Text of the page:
That being said, whenever someone in the industry hears me say a guy passed a drug test they usually laugh at me and I think the feeling is that the tests can be beat. I’m not trying to call you out, but I’d love to get a fighter’s perspective on this. Do you feel the tests can be beat?

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  • Jim says:

    Sam,

    No. I do not feel that the tests can be beat. The tests will detect heavy steroid use. However, there are two other problems unrelated to the effectiveness of the test.

    The first is that drug tests have not been given to UFC competitors before every fight. The tests were mandatory for title bouts only. I feel that tests should be given before every fight and randomly to anyone contracted with this organization.

    The second problem is that athletes may these enhancers while training, but discontinue use prior to fighting. The use of these enhancers may only be detectable a few weeks or months after the athlete discontinues use of the steroid. The time required depends on the type and amount of enhancer taken.

    Lastly, you stated that Lesnar passed his drug test for the K-1 USA Dynamite show. Let me ask you this, do you think that the gains made through use of enhancers had all been diminished by the time of the competition? Of course not. Stephan Bonnar fought on the last UFC card, despite testing positive for steroids during his last appearance. His body looked completely transformed. He passed the test this time because he discontinued the use of the substances he was taking. However, the physical benefits he gained during the drug use remain.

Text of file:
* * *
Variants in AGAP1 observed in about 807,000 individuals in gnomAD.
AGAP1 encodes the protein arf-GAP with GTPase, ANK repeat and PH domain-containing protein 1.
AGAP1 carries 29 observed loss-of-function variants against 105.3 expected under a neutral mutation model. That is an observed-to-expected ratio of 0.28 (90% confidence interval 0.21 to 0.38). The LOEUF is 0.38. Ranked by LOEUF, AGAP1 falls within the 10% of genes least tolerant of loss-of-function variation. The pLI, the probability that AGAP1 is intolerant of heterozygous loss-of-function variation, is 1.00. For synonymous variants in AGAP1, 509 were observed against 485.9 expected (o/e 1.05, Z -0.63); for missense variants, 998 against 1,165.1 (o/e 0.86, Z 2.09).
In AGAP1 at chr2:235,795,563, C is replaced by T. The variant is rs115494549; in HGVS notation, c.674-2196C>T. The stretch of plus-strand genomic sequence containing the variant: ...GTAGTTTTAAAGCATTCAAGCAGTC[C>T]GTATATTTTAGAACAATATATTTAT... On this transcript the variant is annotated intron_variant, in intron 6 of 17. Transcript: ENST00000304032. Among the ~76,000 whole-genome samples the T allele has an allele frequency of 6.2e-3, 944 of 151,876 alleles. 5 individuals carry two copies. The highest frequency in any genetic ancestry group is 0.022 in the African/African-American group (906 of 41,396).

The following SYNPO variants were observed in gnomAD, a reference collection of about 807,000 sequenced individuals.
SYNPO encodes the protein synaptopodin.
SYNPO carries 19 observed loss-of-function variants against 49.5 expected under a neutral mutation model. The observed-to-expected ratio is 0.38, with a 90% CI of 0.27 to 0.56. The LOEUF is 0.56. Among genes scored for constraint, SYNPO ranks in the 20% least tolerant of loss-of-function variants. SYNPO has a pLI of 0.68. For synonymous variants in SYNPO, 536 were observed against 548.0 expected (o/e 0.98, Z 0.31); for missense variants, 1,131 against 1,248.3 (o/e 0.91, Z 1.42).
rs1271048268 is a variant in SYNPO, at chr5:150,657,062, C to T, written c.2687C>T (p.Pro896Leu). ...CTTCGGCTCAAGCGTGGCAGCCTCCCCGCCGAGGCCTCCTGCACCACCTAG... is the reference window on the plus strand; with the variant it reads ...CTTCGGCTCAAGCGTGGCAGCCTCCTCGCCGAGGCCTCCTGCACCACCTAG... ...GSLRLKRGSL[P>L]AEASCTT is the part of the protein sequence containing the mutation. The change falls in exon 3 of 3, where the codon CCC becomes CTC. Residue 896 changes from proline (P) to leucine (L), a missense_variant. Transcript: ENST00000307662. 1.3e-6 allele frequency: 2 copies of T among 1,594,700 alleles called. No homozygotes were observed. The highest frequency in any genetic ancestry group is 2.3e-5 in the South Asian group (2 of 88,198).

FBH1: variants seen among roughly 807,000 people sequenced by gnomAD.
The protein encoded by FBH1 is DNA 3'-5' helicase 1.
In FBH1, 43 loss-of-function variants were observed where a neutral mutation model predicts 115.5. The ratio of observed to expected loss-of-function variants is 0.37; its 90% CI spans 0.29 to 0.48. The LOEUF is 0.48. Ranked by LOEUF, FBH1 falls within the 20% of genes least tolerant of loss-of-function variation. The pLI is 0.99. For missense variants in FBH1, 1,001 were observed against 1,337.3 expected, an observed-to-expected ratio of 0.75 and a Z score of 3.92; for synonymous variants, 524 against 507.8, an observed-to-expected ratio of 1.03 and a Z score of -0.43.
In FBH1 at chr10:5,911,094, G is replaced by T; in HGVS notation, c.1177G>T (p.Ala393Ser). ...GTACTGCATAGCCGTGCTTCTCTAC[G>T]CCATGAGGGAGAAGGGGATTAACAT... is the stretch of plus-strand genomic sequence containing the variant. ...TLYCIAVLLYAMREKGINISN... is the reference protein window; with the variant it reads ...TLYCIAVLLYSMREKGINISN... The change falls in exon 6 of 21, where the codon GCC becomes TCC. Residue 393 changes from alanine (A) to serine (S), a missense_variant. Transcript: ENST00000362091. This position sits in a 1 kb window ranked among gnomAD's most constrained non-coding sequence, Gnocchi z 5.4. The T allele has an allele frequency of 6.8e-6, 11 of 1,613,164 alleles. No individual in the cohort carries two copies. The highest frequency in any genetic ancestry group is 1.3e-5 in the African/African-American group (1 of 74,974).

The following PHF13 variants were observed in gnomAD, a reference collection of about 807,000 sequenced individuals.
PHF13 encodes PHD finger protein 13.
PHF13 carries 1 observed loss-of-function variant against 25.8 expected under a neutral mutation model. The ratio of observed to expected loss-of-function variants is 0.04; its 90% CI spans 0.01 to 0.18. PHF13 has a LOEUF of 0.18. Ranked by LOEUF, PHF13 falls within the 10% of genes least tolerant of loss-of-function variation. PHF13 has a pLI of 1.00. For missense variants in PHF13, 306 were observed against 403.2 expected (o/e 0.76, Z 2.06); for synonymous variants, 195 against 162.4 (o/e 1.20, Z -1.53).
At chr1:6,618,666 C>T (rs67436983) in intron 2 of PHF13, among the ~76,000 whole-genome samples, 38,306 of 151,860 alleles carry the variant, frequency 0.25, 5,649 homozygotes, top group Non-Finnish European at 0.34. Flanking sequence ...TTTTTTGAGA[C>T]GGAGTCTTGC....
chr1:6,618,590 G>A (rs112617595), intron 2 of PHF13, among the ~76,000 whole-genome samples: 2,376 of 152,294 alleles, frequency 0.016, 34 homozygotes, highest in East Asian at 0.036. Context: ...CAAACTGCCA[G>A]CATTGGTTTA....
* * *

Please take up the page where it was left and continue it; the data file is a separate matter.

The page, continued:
How can you tell me this is fair to a clean competitor of his? Tim Silvia failed his test twice in a row. How does Brandon Vera feel like after getting overpowered in the clinch against Tim in UFC 77?

    The way that I see it is this-
    By organizations NOT testing for performance enhancers frequently and randomly, they are putting the fighters in a dilemma between their morals, health, and ability to compete on a level playing field. A fighter should not have to sacrifice his or her own health and ethics just to compete fairly in an organization such as the UFC.

    If a competitor fails a drug test, he or she should be terminated indefinitely. I know it sounds harsh, but it is in the best interest of the fighters and their health.

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  • [...] that’s why his name was atop everyone’s rumored list as Brock Lesnar’s first UFC opponent. Obviously, those [...]